• a restraint against the Respondent creating any third party interest/right/title on the Aircraft, or from selling, transferring or encumbering the Aircraft in any manner;
  • a restraint against the Respondent from taking the Aircraft out of India; and " a direction to the Respondent to deposit USD 5,30,000 (equivalent to INR 4,01,05,736/–) in an escrow account.


Whether the DHC has territorial jurisdiction to pass interim relief under Section 9 of the Act when the place of arbitration has been agreed upon as Singapore.


Contentions raised by the Petitioner:

The Petitioner argued that the Aircraft was located at Hyderabad. It was required to be registered with the DGCA and operated in accordance with the Aircraft Act, 1934, Aircraft Rules, 1937 and the civil aviation requirements issued by the DGCA. The most efficacious remedy available to the Petitioner was, therefore, by means of recourse to the jurisdiction of the DHC under Section 9 of the Act. Meaningful provisional relief, such as attachment of the defendant's properties, could be granted only by the court within whose territorial jurisdiction the properties were located, and not by a foreign court having jurisdiction over the situs of the arbitral proceedings. Articles 9 and 17J of the UNCITRAL Model also vested jurisdiction in courts outside the seat of arbitration to grant interim relief. Though the exclusive jurisdiction vested with courts at Singapore, it was only with respect to the application of the governing law and adjudication of disputes pertaining to substantive rights and obligations of the parties but not to grant of interim relief even before the constitution of the arbitral tribunal. The jurisdiction of the court was to be determined as per the curial law governing the conduct of the arbitral proceedings, that is, the Singapore International Arbitration Centre ("SIAC") Rules, which permitted parties to approach any judicial authority for interim relief, before the constitution of the arbitral tribunal, and not merely judicial authorities located in Singapore. The courts in Singapore exercised the jurisdiction to secure assets located abroad only if they had in personam jurisdiction over the parties, that is, where the parties had presented themselves before the courts in Singapore. It was also argued that Section 12A of the International Arbitration Act ("IAA") did not apply at the pre-arbitration stage.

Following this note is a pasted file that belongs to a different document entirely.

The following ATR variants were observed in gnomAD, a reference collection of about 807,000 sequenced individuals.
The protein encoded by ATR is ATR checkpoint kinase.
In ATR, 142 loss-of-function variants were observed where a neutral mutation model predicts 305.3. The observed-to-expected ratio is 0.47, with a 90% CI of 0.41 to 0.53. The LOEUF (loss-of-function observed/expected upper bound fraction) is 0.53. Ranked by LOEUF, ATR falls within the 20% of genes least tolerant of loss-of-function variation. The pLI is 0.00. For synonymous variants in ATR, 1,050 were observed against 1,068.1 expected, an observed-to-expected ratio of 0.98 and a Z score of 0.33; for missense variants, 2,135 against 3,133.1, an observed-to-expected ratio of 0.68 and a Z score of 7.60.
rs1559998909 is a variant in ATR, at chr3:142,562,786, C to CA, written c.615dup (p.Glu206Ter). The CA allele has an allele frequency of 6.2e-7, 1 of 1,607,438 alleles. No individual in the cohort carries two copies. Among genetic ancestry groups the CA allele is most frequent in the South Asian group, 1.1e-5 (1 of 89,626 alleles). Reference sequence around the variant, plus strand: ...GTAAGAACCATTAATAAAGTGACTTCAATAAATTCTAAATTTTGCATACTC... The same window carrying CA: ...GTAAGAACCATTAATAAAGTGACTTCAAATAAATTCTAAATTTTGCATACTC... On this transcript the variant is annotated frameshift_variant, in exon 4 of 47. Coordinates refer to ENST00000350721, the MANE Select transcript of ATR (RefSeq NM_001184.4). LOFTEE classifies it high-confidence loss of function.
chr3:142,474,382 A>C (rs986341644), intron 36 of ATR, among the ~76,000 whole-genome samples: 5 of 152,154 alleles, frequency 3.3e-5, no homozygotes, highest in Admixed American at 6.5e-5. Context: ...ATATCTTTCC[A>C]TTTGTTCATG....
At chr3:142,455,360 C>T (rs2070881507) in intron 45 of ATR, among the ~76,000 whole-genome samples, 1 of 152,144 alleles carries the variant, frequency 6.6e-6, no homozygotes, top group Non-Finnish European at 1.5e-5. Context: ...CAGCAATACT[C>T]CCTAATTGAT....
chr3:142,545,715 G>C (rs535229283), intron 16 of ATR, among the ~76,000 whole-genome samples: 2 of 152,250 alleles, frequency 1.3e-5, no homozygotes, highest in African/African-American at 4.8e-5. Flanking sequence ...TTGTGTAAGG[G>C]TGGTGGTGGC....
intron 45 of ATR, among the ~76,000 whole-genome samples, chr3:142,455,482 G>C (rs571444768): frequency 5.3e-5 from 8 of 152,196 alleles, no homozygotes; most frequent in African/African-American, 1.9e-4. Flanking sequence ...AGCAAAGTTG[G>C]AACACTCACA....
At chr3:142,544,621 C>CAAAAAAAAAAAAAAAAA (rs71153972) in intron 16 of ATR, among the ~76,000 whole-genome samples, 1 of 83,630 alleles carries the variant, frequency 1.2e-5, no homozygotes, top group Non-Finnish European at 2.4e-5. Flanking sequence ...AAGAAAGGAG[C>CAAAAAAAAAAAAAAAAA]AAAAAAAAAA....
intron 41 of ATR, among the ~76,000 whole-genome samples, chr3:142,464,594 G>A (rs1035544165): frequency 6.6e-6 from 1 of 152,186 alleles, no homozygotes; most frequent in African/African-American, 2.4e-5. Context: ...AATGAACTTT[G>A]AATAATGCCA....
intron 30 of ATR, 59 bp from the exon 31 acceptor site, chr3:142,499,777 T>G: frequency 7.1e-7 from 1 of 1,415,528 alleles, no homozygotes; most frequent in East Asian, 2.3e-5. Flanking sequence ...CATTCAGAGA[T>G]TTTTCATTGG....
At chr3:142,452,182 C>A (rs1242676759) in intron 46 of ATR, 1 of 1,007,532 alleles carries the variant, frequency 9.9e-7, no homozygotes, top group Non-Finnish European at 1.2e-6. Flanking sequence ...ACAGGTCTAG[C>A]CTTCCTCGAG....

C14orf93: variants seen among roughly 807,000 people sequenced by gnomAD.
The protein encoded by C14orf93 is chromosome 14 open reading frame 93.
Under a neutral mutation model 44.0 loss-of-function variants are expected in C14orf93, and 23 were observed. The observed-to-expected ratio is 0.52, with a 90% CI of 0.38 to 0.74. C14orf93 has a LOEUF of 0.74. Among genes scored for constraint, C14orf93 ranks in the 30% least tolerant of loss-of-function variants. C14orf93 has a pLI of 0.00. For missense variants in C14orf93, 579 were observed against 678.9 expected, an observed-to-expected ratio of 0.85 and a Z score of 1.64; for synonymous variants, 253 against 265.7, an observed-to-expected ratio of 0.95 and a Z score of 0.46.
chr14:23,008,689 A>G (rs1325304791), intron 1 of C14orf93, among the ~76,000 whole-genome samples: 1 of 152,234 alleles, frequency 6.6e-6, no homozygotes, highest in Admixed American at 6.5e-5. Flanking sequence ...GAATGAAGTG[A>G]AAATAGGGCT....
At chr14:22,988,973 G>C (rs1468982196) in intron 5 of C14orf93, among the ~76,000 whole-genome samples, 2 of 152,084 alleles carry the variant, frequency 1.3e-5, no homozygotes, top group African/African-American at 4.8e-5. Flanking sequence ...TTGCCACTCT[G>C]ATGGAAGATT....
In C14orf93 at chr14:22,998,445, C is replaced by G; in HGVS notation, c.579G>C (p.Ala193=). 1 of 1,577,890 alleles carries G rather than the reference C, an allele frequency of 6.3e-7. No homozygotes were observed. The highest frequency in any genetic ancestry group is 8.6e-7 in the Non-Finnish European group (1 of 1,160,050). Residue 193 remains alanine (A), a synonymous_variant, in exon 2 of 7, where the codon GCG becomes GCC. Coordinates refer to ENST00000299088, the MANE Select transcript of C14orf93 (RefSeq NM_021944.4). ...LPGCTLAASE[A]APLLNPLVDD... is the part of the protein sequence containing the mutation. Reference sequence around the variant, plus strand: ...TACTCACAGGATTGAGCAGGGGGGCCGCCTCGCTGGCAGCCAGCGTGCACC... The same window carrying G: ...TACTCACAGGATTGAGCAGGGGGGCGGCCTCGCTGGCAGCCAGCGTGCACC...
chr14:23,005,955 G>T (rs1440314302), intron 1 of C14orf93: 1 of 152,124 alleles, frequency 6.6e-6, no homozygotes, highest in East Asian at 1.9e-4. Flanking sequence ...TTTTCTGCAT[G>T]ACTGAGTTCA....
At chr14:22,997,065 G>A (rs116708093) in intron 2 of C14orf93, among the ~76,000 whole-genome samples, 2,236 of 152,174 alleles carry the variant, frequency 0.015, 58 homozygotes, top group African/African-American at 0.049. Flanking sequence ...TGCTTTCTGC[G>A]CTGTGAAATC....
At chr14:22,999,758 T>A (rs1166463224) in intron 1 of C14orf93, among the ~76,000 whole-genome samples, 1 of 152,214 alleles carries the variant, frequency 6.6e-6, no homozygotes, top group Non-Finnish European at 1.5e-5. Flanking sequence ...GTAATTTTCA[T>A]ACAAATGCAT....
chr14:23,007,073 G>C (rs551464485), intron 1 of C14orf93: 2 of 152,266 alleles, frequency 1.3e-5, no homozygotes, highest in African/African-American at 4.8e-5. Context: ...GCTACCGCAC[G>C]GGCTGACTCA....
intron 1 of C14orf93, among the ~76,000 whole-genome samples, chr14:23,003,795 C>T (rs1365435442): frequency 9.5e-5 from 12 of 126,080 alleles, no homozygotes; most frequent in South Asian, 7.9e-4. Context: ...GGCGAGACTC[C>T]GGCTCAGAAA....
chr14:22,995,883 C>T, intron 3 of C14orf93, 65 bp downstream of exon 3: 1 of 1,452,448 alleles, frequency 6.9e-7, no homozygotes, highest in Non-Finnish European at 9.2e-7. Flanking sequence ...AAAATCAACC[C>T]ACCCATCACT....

The Petitioner argued that the Aircraft has not been delivered by the Respondent in accordance with the Lease Deed. Execution of the DAC, in the manner provided in the Schedules, was conditional on delivery of the Aircraft in accordance with the covenants of the Lease Deed. In the absence of the certificate of deregistration, certifying that the Aircraft was no longer registered with any foreign authority, there was no "delivery" of the Aircraft within the meaning of the Lease Deed. Hence, the Petitioner did not execute any DAC, certifying delivery of the Aircraft, either. By not delivering the Aircraft with all requisite documents, the Respondent breached the Lease Deed. Without delivery of the Aircraft in accordance with the covenants of the Lease Deed, no liability to pay rent could be fastened on the Petitioner. Petitioner submitted that the plea of "unilateral termination" of the Lease Deed was a smokescreen created by the Respondent to wriggle out of its obligations under the Lease Deed. The maintenance reserves need not be paid if the Aircraft was not flown, since it was not delivered. Since the Respondent is located outside India, permitting the Respondent to alienate the corpus of the arbitral proceeding, that is, the Aircraft, would render the arbitral proceedings futile. The balance of convenience would be in favour of grant of interim reliefs, as sought in the petition.

Between The Lines... December 2020

© 2020, Vaish Associates Advocates,
All rights reserved
Advocates, 1st & 11th Floors, Mohan Dev Building 13, Tolstoy Marg New Delhi-110001 (India).

The content of this article is intended to provide a general guide to the subject matter. Specialist professional advice should be sought about your specific circumstances. The views expressed in this article are solely of the authors of this article.